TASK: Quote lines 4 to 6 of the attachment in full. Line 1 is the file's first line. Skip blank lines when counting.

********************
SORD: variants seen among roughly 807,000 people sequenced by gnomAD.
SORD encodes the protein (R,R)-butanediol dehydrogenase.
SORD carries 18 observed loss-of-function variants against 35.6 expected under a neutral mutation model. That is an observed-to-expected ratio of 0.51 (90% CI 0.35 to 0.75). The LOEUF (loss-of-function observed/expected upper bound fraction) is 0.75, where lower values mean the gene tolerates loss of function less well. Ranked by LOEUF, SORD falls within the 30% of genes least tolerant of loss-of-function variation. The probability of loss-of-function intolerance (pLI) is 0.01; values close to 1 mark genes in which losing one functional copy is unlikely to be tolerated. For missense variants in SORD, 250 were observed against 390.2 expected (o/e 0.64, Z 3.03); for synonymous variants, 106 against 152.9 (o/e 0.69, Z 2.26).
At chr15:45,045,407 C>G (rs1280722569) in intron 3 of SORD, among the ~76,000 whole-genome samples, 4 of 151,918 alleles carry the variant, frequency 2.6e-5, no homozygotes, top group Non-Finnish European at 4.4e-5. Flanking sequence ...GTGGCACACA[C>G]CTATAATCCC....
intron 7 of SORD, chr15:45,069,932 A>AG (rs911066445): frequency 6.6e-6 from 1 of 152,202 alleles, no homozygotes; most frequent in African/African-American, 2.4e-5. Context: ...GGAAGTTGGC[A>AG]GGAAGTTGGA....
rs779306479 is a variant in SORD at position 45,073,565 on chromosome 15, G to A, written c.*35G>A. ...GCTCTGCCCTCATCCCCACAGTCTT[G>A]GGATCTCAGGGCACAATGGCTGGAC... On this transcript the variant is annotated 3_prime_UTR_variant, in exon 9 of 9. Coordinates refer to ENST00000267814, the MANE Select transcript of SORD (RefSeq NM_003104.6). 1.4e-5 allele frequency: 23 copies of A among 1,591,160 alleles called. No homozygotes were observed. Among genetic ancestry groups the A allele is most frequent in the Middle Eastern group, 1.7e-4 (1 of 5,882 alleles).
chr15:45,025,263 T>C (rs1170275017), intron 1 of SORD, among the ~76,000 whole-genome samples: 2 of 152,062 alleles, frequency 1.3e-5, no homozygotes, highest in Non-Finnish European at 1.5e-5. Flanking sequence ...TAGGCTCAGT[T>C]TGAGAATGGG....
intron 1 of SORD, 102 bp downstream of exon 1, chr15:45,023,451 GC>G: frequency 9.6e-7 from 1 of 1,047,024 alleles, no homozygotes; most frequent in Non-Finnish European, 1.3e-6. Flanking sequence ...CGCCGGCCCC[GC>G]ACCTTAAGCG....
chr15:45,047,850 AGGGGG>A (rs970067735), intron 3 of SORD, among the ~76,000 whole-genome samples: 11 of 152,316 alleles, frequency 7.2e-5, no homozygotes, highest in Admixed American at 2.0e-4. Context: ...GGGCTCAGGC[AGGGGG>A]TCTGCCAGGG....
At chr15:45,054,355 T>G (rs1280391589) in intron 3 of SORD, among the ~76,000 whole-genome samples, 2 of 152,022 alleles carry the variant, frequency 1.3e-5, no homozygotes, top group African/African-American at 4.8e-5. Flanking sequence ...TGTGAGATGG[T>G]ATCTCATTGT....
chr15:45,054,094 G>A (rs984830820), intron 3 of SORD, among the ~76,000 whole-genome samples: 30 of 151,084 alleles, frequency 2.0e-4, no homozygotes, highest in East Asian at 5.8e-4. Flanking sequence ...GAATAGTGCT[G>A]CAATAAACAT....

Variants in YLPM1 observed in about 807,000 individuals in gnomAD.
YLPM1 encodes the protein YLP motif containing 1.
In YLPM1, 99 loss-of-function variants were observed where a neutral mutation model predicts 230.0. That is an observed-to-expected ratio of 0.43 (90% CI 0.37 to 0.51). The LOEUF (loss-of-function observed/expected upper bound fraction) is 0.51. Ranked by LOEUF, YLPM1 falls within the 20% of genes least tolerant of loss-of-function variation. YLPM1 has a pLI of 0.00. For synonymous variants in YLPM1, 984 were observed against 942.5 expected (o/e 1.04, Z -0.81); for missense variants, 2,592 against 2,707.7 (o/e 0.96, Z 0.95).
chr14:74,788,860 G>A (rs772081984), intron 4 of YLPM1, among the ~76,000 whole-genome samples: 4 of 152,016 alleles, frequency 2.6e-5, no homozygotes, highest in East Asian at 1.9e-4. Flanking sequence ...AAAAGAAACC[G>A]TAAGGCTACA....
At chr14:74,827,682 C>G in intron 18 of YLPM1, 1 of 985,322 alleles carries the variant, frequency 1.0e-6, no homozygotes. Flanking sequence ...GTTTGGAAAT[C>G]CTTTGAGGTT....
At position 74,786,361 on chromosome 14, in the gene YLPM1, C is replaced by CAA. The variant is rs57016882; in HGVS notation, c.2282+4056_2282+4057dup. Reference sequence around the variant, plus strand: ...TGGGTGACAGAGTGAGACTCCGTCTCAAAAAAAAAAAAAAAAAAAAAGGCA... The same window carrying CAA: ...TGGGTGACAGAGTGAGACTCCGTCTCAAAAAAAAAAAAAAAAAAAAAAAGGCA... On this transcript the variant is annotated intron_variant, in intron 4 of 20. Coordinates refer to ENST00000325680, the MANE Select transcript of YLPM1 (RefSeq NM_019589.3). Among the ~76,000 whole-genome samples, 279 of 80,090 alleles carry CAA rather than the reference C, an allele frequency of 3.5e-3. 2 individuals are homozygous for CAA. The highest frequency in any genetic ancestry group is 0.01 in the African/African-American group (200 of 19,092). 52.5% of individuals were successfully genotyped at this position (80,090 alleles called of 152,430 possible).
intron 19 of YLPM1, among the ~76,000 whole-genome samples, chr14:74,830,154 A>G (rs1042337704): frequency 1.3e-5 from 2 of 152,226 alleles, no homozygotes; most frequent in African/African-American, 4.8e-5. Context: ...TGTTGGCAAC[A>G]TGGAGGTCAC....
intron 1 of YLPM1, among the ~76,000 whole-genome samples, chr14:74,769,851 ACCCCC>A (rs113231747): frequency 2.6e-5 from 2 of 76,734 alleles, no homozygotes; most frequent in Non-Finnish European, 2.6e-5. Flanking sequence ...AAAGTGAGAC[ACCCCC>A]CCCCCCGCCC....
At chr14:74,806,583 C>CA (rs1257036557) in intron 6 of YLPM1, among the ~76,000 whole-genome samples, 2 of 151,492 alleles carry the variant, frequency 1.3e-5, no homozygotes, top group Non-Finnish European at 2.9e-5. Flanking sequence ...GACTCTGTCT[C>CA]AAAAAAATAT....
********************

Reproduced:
At chr15:45,045,407 C>G (rs1280722569) in intron 3 of SORD, among the ~76,000 whole-genome samples, 4 of 151,918 alleles carry the variant, frequency 2.6e-5, no homozygotes, top group Non-Finnish European at 4.4e-5. Flanking sequence ...GTGGCACACA[C>G]CTATAATCCC....
intron 7 of SORD, chr15:45,069,932 A>AG (rs911066445): frequency 6.6e-6 from 1 of 152,202 alleles, no homozygotes; most frequent in African/African-American, 2.4e-5. Context: ...GGAAGTTGGC[A>AG]GGAAGTTGGA....
rs779306479 is a variant in SORD at position 45,073,565 on chromosome 15, G to A, written c.*35G>A. ...GCTCTGCCCTCATCCCCACAGTCTT[G>A]GGATCTCAGGGCACAATGGCTGGAC... On this transcript the variant is annotated 3_prime_UTR_variant, in exon 9 of 9. Coordinates refer to ENST00000267814, the MANE Select transcript of SORD (RefSeq NM_003104.6). 1.4e-5 allele frequency: 23 copies of A among 1,591,160 alleles called. No homozygotes were observed. Among genetic ancestry groups the A allele is most frequent in the Middle Eastern group, 1.7e-4 (1 of 5,882 alleles).